Because of the longer indents sometimes needed for Objective‑C, the option "max-instatement-indent" may need to be increased. If you are not getting the paren and square bracket alignment you want, try increasing this value. The option is described in the "Indentation Options" section.

--align-method-colon / -xM
Align the colons in Objective‑C method declarations. This option is effective for Objective‑C files only.

-(void)deleteKey:(id)key
    atIndex:(int)index
    ofNode:(Node*)node;

becomes:

-(void)deleteKey:(id)key
         atIndex:(int)index
          ofNode:(Node*)node;

 

--pad-method-prefix / -xQ
Insert space padding after the '-' or '+' Objective‑C method prefix. This will add exactly one space. Any additional spaces will be deleted. This option is effective for Objective‑C files only.

-(void)foo1;
+(void)foo2;

becomes:

- (void)foo1;
+ (void)foo2;

 

--unpad-method-prefix / -xR
Remove all space padding after the '-' or '+' Objective‑C method prefix. If used with pad‑method‑prefix, this option will be ignored. This option is effective for Objective‑C files only.

- (void)foo1;
+ (void)foo2;

becomes:

-(void)foo1;
+(void)foo2;

 

--pad-method-colon=none   / -xP0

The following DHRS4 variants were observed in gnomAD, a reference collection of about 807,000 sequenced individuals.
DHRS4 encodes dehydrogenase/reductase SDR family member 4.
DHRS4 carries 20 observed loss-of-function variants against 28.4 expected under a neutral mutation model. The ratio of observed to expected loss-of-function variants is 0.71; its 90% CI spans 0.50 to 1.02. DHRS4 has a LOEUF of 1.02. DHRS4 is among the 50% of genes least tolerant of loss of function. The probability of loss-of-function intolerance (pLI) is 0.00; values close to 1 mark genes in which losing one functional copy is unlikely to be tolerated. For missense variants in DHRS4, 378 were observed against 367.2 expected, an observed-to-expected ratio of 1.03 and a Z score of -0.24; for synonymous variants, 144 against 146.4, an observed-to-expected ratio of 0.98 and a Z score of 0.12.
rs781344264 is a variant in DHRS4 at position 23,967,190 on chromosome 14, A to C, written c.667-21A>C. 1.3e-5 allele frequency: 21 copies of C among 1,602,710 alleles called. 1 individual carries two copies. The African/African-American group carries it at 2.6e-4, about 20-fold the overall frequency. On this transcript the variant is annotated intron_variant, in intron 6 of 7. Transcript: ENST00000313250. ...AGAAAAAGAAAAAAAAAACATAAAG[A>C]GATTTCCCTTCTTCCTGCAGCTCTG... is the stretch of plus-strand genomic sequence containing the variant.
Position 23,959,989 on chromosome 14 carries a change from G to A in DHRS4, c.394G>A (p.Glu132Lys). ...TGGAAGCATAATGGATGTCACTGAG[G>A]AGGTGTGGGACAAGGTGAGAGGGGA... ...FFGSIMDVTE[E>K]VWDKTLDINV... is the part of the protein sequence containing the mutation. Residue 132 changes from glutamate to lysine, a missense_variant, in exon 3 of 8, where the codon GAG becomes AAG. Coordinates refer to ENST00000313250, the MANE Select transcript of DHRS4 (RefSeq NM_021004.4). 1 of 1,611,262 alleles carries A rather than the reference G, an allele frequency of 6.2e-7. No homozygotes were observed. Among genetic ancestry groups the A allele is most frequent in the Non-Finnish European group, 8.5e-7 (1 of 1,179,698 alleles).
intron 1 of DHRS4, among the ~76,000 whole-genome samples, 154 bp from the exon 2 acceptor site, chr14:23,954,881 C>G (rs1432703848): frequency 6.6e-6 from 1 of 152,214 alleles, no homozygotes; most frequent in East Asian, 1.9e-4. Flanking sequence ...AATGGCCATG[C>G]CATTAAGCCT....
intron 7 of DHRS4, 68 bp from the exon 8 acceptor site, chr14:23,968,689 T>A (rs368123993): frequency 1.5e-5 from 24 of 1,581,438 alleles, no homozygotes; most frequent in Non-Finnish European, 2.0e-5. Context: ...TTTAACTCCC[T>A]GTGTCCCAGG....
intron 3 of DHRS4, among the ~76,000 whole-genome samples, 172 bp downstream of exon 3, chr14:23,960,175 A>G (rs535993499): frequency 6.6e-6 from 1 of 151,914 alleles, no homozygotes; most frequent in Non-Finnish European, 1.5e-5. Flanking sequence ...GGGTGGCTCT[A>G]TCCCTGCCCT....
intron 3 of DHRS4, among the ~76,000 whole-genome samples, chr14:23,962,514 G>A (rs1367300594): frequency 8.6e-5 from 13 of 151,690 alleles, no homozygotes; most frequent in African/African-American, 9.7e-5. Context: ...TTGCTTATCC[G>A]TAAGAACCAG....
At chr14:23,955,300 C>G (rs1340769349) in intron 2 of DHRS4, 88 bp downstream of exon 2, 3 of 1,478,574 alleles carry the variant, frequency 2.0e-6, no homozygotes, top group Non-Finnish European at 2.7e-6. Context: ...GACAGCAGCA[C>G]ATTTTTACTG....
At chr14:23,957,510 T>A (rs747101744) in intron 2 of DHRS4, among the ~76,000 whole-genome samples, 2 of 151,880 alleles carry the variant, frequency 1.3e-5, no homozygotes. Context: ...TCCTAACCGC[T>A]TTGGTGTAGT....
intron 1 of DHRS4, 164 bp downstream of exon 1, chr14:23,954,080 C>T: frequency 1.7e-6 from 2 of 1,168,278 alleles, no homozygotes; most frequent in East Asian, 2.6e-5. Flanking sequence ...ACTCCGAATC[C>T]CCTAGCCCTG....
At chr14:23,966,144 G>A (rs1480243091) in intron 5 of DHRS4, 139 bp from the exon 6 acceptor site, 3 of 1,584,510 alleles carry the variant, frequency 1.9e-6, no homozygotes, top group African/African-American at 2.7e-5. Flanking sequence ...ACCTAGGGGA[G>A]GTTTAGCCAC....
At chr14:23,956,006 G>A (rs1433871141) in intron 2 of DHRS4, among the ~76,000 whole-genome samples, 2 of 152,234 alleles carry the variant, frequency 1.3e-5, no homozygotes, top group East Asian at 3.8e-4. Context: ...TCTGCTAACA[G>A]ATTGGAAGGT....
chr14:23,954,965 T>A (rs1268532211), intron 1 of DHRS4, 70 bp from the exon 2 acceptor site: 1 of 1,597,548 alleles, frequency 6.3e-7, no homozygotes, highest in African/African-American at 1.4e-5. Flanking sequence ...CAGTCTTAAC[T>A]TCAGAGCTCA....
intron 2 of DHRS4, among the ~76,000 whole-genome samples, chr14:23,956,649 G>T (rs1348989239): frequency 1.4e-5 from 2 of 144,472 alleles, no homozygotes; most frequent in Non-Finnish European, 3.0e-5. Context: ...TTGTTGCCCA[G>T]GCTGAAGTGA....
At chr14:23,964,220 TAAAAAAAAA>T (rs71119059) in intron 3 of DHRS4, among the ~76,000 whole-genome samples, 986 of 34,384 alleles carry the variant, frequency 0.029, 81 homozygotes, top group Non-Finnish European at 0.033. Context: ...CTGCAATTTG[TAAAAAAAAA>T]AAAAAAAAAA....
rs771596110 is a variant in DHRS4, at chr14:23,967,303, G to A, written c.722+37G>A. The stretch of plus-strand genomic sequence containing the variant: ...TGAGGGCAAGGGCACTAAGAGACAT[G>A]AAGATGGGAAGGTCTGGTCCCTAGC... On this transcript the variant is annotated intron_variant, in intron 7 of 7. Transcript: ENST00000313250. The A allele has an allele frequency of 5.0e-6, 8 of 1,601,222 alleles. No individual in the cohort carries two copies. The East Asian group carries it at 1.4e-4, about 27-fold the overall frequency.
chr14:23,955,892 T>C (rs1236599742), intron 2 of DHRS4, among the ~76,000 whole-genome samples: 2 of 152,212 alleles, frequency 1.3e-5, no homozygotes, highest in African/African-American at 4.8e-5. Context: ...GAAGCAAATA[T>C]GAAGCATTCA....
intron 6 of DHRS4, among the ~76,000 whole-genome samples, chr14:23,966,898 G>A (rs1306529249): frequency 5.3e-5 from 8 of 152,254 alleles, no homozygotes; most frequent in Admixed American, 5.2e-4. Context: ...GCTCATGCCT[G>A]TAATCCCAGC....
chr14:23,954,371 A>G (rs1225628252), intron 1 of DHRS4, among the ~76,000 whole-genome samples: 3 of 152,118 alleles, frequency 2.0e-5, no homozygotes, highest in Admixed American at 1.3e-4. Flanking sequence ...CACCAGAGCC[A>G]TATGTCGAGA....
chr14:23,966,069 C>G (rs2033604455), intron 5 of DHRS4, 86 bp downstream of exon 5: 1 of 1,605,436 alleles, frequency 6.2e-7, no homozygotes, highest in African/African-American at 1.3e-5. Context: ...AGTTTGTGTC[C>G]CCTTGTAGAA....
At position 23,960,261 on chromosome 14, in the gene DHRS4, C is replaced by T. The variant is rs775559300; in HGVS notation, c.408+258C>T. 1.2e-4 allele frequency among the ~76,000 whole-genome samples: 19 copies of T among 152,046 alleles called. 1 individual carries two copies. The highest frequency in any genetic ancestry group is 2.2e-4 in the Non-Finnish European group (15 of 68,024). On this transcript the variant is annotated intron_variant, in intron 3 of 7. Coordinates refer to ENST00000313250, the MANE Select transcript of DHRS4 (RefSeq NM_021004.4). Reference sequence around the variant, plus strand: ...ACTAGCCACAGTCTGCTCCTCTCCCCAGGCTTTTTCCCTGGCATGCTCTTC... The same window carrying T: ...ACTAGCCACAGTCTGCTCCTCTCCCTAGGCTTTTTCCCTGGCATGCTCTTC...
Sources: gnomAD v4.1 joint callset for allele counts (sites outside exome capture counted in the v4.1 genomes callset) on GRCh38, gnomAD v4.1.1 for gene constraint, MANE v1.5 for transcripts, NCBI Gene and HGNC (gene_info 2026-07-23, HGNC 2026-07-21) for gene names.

--pad-method-colon=all    / -xP1
--pad-method-colon=after  / -xP2
--pad-method-colon=before / -xP3

Add or remove space padding before or after the colons in an Objective‑C method call. These options will pad exactly one space. Any additional spaces will be deleted. Colons immediately preceding a paren will not be padded. This option is effective for Objective‑C files only.

with pad-method-colon=none:

[node insertKey:key];

with pad-method-colon=all:

[node insertKey : key];

with pad-method-colon=after:

[node insertKey: key];

with pad-method-colon=before:

[node insertKey :key];

 


Other Options

--suffix=####
Append the suffix #### instead of '.orig' to original filename (e.g. --suffix=.bak). If this is to be a file extension, the dot '.' must be included. Otherwise the suffix will be appended to the current file extension.

--suffix=none / -n
Do not retain a backup of the original file. The original file is purged after it is formatted.

--recursive / -r / -R
For each directory in the command line, process all subdirectories recursively. When using the recursive option the file name statement should contain a wildcard. Linux users should place the filepath and name in double quotes so the shell will not resolve the wildcards (e.g. "$HOME/src/*.cpp"). Windows users should place the filepath and name in double quotes if the path or name contains spaces.

--exclude=####
Specify a file or sub directory #### to be excluded from processing. 

Excludes are matched from the end of the filepath. An exclude option of "templates" will exclude ALL directories named "templates". An exclude option of "cpp/templates" will exclude ALL "cpp/templates" directories. You may proceed backwards in the directory tree to exclude only the required directories.

Specific files may be excluded in the same manner. An exclude option of "default.cpp" will exclude ALL files named "default.cpp". An exclude option of "python/default.cpp" will exclude ALL files named "default.cpp" contained in a "python" subdirectory. You may proceed backwards in the directory tree to exclude only the required files.